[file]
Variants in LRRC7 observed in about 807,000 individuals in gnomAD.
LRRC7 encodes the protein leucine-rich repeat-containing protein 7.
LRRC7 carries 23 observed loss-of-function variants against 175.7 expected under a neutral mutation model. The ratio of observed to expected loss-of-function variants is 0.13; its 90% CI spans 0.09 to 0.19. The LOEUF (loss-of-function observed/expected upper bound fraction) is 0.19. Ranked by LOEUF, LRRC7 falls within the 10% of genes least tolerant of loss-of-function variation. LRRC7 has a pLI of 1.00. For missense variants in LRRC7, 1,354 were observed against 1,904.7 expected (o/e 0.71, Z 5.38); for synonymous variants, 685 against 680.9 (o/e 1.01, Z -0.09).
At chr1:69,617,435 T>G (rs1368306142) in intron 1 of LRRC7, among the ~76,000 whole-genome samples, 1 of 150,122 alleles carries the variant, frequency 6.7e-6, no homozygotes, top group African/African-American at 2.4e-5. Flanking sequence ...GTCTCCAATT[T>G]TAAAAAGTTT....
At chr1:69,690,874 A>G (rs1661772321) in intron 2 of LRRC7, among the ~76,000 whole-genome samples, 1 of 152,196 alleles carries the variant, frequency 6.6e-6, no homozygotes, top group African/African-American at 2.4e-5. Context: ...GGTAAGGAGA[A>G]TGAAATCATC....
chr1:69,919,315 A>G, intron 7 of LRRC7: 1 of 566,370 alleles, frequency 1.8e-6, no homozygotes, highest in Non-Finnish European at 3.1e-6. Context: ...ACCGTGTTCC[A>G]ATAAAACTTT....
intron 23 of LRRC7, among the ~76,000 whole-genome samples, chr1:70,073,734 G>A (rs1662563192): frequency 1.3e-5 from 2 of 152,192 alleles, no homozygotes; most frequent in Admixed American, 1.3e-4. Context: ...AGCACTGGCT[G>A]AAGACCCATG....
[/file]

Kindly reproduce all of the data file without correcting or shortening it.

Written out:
Variants in LRRC7 observed in about 807,000 individuals in gnomAD.
LRRC7 encodes the protein leucine-rich repeat-containing protein 7.
LRRC7 carries 23 observed loss-of-function variants against 175.7 expected under a neutral mutation model. The ratio of observed to expected loss-of-function variants is 0.13; its 90% CI spans 0.09 to 0.19. The LOEUF (loss-of-function observed/expected upper bound fraction) is 0.19. Ranked by LOEUF, LRRC7 falls within the 10% of genes least tolerant of loss-of-function variation. LRRC7 has a pLI of 1.00. For missense variants in LRRC7, 1,354 were observed against 1,904.7 expected (o/e 0.71, Z 5.38); for synonymous variants, 685 against 680.9 (o/e 1.01, Z -0.09).
At chr1:69,617,435 T>G (rs1368306142) in intron 1 of LRRC7, among the ~76,000 whole-genome samples, 1 of 150,122 alleles carries the variant, frequency 6.7e-6, no homozygotes, top group African/African-American at 2.4e-5. Flanking sequence ...GTCTCCAATT[T>G]TAAAAAGTTT....
At chr1:69,690,874 A>G (rs1661772321) in intron 2 of LRRC7, among the ~76,000 whole-genome samples, 1 of 152,196 alleles carries the variant, frequency 6.6e-6, no homozygotes, top group African/African-American at 2.4e-5. Context: ...GGTAAGGAGA[A>G]TGAAATCATC....
chr1:69,919,315 A>G, intron 7 of LRRC7: 1 of 566,370 alleles, frequency 1.8e-6, no homozygotes, highest in Non-Finnish European at 3.1e-6. Context: ...ACCGTGTTCC[A>G]ATAAAACTTT....
intron 23 of LRRC7, among the ~76,000 whole-genome samples, chr1:70,073,734 G>A (rs1662563192): frequency 1.3e-5 from 2 of 152,192 alleles, no homozygotes; most frequent in Admixed American, 1.3e-4. Context: ...AGCACTGGCT[G>A]AAGACCCATG....